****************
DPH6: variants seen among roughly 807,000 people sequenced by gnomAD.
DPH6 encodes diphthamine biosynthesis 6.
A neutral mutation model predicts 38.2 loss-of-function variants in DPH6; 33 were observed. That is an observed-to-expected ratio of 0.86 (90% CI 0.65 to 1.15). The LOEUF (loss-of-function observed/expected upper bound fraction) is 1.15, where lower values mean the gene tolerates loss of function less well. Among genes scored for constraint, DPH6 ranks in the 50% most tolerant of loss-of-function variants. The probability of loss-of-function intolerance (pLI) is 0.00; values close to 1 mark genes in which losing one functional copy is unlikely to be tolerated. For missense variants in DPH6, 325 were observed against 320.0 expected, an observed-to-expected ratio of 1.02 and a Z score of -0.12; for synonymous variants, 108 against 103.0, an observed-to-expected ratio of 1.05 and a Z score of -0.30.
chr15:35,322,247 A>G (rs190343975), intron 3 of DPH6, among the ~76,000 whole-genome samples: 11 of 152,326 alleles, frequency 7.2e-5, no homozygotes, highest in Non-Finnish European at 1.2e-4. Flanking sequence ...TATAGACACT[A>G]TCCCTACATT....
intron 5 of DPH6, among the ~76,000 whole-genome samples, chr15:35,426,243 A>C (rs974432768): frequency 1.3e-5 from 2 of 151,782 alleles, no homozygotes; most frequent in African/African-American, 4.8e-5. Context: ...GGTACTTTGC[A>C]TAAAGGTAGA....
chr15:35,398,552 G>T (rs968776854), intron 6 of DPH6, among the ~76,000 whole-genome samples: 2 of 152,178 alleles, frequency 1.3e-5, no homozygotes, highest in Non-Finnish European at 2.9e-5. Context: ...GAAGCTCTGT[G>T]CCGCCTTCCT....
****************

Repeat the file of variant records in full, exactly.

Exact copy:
DPH6: variants seen among roughly 807,000 people sequenced by gnomAD.
DPH6 encodes diphthamine biosynthesis 6.
A neutral mutation model predicts 38.2 loss-of-function variants in DPH6; 33 were observed. That is an observed-to-expected ratio of 0.86 (90% CI 0.65 to 1.15). The LOEUF (loss-of-function observed/expected upper bound fraction) is 1.15, where lower values mean the gene tolerates loss of function less well. Among genes scored for constraint, DPH6 ranks in the 50% most tolerant of loss-of-function variants. The probability of loss-of-function intolerance (pLI) is 0.00; values close to 1 mark genes in which losing one functional copy is unlikely to be tolerated. For missense variants in DPH6, 325 were observed against 320.0 expected, an observed-to-expected ratio of 1.02 and a Z score of -0.12; for synonymous variants, 108 against 103.0, an observed-to-expected ratio of 1.05 and a Z score of -0.30.
chr15:35,322,247 A>G (rs190343975), intron 3 of DPH6, among the ~76,000 whole-genome samples: 11 of 152,326 alleles, frequency 7.2e-5, no homozygotes, highest in Non-Finnish European at 1.2e-4. Flanking sequence ...TATAGACACT[A>G]TCCCTACATT....
intron 5 of DPH6, among the ~76,000 whole-genome samples, chr15:35,426,243 A>C (rs974432768): frequency 1.3e-5 from 2 of 151,782 alleles, no homozygotes; most frequent in African/African-American, 4.8e-5. Context: ...GGTACTTTGC[A>C]TAAAGGTAGA....
chr15:35,398,552 G>T (rs968776854), intron 6 of DPH6, among the ~76,000 whole-genome samples: 2 of 152,178 alleles, frequency 1.3e-5, no homozygotes, highest in Non-Finnish European at 2.9e-5. Context: ...GAAGCTCTGT[G>T]CCGCCTTCCT....